It’s been our approach to present a positive ‘Yes We Can’ image, but behind the scenes it’s been quite a battle. We have made headlines in national Sunday newspapers (“Church Anger as Gay Campaign Targets Schools”), been the cover story on at least two Christian newspapers (including the headline “Children Being Targeted” beside a photo of myself), and an editorial in a regional newspaper that said that our work “could even lead to depression and increase the tendency towards suicide” because we were confusing young people about their sexuality.
The headline “Church Anger as Gay Campaign Targets Schools” came about from a casual chat with someone I had previously worked with, I hadn’t even realised that I was being formally interviewed. Also the church wasn’t in any way angry until the journalist rang up an outspoken bishop – and made him angry.
With the headline “Children Being Targeted” the implication was that because we are an LGBT youth service, we were abusing young people.
The ‘editorial’ in the regional paper saying that our work could cause suicide was written in support of The National Men’s Council of Ireland. (“The National Men’s Council of Ireland, in keeping with the Irish Constitution, extols the virtue and value of the two-parent, marriage-based family as the foundation of society. We hold that marriage can only be the union of one man and one woman and is intended to be life-long” – you get the picture!)
The reason for telling you all this is because the attacks we endured share a lot in common with what has been said about Senator Norris. The message is – children and young people are not safe around gay people. This is the oldest trick in the homophobe’s handbook.
David Norris has been a tireless advocate for the rights of the disenfranchised and, in his work with us, for LGBT young people.
One of the things I so admire about him is that he does not ask for gratitude for his work – something that causes young people to immediately listen to him and admire him.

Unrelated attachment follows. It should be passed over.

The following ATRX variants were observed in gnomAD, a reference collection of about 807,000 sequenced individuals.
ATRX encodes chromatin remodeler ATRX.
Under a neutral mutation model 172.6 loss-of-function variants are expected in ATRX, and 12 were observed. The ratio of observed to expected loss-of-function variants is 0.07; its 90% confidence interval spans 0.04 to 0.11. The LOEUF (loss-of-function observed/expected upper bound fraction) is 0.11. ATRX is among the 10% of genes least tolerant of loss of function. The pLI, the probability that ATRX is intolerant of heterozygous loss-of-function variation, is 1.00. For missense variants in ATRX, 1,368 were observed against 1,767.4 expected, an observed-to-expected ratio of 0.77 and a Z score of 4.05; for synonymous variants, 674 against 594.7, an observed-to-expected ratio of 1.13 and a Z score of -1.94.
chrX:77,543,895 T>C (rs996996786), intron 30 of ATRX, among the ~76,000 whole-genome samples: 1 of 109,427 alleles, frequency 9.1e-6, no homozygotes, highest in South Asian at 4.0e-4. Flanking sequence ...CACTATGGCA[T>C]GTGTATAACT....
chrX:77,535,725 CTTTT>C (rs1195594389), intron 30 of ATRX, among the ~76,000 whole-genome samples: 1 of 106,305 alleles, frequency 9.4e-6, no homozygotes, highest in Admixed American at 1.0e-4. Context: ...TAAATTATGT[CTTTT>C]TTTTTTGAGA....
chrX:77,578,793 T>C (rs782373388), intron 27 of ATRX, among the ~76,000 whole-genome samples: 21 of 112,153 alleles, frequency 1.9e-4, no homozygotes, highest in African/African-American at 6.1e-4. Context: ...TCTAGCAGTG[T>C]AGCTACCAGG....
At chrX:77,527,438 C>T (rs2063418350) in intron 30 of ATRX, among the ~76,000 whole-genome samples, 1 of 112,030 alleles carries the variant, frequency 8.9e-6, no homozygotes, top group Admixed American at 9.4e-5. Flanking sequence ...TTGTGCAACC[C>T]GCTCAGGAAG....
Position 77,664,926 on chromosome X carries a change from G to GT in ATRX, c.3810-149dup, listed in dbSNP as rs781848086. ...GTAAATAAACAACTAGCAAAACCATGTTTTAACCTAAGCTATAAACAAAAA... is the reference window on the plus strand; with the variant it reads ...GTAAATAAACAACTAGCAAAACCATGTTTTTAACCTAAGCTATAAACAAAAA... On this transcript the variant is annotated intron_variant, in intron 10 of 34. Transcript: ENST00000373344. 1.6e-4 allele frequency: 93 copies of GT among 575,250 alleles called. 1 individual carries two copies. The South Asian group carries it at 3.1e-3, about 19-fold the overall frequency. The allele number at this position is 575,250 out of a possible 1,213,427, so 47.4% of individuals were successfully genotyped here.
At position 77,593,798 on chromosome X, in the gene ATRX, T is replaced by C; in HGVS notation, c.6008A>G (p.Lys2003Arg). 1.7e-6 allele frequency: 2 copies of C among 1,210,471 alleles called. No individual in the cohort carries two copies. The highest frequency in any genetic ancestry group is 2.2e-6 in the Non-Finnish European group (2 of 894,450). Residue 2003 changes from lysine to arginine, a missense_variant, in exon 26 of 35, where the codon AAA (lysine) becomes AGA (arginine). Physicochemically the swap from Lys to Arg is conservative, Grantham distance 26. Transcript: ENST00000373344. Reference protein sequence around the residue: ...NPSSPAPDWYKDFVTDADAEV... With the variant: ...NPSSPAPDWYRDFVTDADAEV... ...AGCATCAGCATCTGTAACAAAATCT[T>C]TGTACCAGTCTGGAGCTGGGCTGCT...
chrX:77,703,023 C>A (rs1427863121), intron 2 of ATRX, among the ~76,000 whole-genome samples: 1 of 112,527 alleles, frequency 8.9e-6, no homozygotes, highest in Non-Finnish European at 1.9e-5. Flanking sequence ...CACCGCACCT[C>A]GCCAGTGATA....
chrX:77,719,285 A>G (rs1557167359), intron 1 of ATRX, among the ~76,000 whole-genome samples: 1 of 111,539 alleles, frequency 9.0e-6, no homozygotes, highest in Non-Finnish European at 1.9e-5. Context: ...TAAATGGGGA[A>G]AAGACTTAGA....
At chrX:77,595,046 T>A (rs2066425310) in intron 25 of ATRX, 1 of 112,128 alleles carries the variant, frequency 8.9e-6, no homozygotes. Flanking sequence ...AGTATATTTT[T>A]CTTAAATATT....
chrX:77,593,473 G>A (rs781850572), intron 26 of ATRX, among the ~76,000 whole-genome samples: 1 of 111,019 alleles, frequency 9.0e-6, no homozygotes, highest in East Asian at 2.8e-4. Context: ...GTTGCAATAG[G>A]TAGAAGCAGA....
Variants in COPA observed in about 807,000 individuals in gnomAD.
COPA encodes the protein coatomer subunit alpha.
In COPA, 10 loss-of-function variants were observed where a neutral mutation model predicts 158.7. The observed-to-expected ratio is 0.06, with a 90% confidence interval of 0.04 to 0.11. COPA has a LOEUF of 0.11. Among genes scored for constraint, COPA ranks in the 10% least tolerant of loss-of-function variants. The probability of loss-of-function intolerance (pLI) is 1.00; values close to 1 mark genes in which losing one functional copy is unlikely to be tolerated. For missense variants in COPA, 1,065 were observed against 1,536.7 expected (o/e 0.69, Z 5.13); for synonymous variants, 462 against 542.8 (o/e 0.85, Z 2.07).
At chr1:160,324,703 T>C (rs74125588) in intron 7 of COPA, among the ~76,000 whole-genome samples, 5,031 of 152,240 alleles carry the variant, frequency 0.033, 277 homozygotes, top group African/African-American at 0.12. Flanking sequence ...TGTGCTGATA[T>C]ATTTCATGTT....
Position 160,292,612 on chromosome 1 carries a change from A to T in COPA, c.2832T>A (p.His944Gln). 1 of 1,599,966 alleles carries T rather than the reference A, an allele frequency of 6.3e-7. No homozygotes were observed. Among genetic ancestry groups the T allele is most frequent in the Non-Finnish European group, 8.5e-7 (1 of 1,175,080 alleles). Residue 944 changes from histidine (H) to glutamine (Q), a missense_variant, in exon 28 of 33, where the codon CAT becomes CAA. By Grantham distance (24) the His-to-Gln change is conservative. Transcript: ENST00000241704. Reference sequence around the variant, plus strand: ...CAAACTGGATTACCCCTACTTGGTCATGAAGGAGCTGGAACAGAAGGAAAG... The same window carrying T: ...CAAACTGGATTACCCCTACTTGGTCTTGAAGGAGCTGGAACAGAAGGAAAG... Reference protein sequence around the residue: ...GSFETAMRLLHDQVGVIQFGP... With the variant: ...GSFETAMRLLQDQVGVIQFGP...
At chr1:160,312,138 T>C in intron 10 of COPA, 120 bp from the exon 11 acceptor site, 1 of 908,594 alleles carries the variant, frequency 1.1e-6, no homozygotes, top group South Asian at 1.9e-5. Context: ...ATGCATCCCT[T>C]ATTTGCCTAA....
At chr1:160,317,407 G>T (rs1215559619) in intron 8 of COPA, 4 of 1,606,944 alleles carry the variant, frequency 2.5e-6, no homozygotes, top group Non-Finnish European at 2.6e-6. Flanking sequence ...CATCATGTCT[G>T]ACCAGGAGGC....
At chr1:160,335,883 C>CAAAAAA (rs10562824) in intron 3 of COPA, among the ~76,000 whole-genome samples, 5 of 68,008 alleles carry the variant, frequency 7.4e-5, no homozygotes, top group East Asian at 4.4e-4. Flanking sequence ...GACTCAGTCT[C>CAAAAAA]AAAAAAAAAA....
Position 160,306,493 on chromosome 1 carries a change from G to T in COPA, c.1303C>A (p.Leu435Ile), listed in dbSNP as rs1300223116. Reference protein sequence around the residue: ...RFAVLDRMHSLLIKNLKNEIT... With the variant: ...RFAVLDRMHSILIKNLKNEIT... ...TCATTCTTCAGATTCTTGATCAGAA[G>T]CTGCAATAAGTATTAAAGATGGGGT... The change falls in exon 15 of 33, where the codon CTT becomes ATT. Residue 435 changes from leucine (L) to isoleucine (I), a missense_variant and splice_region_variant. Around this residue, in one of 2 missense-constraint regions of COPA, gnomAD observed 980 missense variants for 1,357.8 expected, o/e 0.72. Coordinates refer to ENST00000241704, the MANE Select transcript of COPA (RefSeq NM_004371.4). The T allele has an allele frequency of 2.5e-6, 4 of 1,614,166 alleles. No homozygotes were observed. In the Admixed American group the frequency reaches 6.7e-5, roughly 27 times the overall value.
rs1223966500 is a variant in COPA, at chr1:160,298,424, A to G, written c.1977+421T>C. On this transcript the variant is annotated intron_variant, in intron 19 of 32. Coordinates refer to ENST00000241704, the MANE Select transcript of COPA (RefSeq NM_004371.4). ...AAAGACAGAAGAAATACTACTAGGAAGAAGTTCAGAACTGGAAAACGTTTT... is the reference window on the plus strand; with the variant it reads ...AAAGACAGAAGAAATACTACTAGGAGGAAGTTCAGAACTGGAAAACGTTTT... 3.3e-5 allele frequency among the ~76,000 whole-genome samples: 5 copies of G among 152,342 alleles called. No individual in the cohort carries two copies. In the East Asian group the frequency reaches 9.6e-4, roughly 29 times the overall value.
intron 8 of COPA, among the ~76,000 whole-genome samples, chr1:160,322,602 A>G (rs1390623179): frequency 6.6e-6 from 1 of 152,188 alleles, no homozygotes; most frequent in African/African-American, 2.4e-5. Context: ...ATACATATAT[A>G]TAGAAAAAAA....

In his interview with Joe Jackson back in 2002, he said: “Though some people say ‘Young people don’t realise what you did, there’s no gratitude’ – that’s the whole point! I don’t want to impose a burden of gratitude on anyone. The reward is to see these young people are able – much more so than in my day – to come to terms with themselves, make relationships, be fulfilled, be happy.”
My concern for our young people comes from seeing first-hand how damaging their experiences of homophobia, violence and isolation are. These experiences are caused by the kind of bigotry being espoused in parts of the media over the past weeks – the same kind that has objected to us providing vital supports to young people. I for one will be standing by David Norris, a man who has spent his life standing up for our community and our young people. He has already helped change the face of Ireland for the better and can do so again by becoming our next President.
Michael Barron is the co-founder and Chief Executive of BeLonG To Youth Services – Ireland’s national support service for Lesbian, Gay, Bisexual and Transgender young people. He will be Grand Marshal of the Dublin Pride Parade tomorrow. A version of this article originally appeared in GCN.